A balancing act, literally

This entry originally appeared on my disability blog, I hate stairs.

Some of the people that have, through the years, been charged with the task of being my care-giver, have not understood the underlying principle of how I work: my body is a complex system of weights and counterweights.

It is frustrating because I must always be in a position of balance to perform tasks (e.g., eating) independently. I have an unnofficial list of positions that I use. Eating fingerfoods requires a position I call “The Praying Mantis.” I stand my arms on the table with my hands propped against each other. It resembles a praying position. I have another position for eating more complicated foods that require a spoon or a fork. I have another for using my computer, playing video games, sleeping, using the restroom, driving my chair, riding in my van, and a host of other situations.

Now I know it’s probably picky to expect someone to have every position memorized, but I think some people I have worked with lacked an understanding of simple physics. The same people usually have trouble following short, specific commands (e.g., slide both elbows toward each other). Some parts of my body are “dead weight,” if you will. So if I’m wanting to stand my arms up in The Praying Mantis position, but my assistant doesn’t prop my arms against each other, they will fall. It takes the weight of each arm pushing against each other to hold them up.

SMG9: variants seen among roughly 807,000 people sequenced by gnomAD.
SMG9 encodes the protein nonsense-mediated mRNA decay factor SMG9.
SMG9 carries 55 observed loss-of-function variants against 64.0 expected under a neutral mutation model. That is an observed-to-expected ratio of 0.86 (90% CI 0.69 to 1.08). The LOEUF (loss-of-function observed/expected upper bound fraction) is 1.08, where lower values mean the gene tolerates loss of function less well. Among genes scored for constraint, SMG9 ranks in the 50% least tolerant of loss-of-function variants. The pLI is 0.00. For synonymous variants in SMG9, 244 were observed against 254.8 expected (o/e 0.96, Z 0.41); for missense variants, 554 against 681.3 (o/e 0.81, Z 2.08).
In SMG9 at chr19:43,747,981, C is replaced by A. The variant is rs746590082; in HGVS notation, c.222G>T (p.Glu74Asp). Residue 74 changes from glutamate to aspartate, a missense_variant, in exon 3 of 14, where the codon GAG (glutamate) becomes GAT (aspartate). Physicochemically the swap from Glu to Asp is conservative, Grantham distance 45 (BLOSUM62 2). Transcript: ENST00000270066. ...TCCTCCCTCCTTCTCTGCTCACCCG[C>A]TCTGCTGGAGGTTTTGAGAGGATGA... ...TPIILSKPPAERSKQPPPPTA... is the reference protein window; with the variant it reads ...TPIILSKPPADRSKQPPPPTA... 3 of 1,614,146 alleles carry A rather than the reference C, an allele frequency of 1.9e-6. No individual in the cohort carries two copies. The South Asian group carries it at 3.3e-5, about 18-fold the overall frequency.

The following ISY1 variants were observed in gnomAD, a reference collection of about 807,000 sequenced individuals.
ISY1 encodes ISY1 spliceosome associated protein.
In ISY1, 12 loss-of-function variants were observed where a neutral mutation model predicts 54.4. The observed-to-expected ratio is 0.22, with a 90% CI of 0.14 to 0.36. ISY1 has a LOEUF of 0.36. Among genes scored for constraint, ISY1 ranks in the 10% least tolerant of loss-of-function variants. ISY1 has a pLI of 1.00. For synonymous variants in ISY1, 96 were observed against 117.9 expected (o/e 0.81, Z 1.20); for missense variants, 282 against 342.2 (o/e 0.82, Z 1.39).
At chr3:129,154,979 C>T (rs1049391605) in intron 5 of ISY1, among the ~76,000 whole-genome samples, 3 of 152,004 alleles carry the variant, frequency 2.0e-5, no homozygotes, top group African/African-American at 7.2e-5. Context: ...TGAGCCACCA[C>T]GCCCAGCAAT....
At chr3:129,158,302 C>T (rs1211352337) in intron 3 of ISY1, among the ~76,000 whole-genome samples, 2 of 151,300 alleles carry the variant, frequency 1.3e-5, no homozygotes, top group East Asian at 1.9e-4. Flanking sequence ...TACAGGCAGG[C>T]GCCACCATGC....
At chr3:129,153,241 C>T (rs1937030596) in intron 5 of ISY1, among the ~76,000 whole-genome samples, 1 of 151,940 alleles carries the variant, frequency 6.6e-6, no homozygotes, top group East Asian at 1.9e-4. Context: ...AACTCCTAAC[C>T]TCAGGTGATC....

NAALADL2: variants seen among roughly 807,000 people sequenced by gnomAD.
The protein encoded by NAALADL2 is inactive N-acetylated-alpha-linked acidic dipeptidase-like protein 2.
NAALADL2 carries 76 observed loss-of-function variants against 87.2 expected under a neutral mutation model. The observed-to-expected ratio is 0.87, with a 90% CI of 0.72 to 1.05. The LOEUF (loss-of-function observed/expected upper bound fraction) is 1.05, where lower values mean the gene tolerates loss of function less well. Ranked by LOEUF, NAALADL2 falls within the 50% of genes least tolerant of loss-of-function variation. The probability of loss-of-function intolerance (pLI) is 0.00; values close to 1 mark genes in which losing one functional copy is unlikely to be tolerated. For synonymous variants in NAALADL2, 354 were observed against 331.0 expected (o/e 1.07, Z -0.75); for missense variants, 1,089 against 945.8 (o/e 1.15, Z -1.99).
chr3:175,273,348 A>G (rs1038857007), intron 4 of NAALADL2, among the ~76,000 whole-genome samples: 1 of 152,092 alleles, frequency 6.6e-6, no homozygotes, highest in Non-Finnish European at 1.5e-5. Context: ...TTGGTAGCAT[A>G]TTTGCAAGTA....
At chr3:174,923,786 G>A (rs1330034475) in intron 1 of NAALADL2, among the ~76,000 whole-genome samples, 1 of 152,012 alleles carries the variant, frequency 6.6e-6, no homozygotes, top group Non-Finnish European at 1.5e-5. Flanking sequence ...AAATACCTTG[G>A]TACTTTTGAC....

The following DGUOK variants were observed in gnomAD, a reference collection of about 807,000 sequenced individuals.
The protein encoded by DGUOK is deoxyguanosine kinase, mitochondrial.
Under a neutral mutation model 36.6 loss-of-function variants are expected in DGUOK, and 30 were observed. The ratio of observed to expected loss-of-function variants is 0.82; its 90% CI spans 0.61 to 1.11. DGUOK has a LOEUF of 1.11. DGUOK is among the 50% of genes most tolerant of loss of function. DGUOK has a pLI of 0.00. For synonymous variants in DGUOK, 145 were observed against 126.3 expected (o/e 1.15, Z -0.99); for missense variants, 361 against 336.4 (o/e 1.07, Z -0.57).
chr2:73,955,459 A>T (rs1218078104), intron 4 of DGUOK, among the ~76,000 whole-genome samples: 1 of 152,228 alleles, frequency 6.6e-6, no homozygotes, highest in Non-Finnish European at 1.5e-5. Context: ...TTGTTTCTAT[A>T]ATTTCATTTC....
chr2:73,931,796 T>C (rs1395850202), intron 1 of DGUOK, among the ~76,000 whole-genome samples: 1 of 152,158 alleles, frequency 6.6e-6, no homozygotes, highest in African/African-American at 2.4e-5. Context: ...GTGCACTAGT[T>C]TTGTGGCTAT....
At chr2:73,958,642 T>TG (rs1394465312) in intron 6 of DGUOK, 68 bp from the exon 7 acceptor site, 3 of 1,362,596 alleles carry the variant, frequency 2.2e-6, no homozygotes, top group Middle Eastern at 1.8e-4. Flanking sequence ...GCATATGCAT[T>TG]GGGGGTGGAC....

Some of my balancing acts (e.g., eating chips with a fork) are so unusual that one of my friends has dubbed me the MacGyver of eating. I must admit, I’m proud of my enginuity. Sometimes, I wish I could spend a week in an occupational therapist’s office with someone who thinks like me. I might be able to figure out how to play the piano. I’ve written some music, but I haven’t been able to hear it played on a real piano.

To my attendants’ defense, most of them have been good. I know it must be difficult for someone with full use of their muscles to think the way I do. In that context, I suppose I have had some great attendants. But when someone can’t seem to use his or her common sense when helping me, it rubs me the wrong way.

Self-centered? Maybe. Wrong? I don’t think so.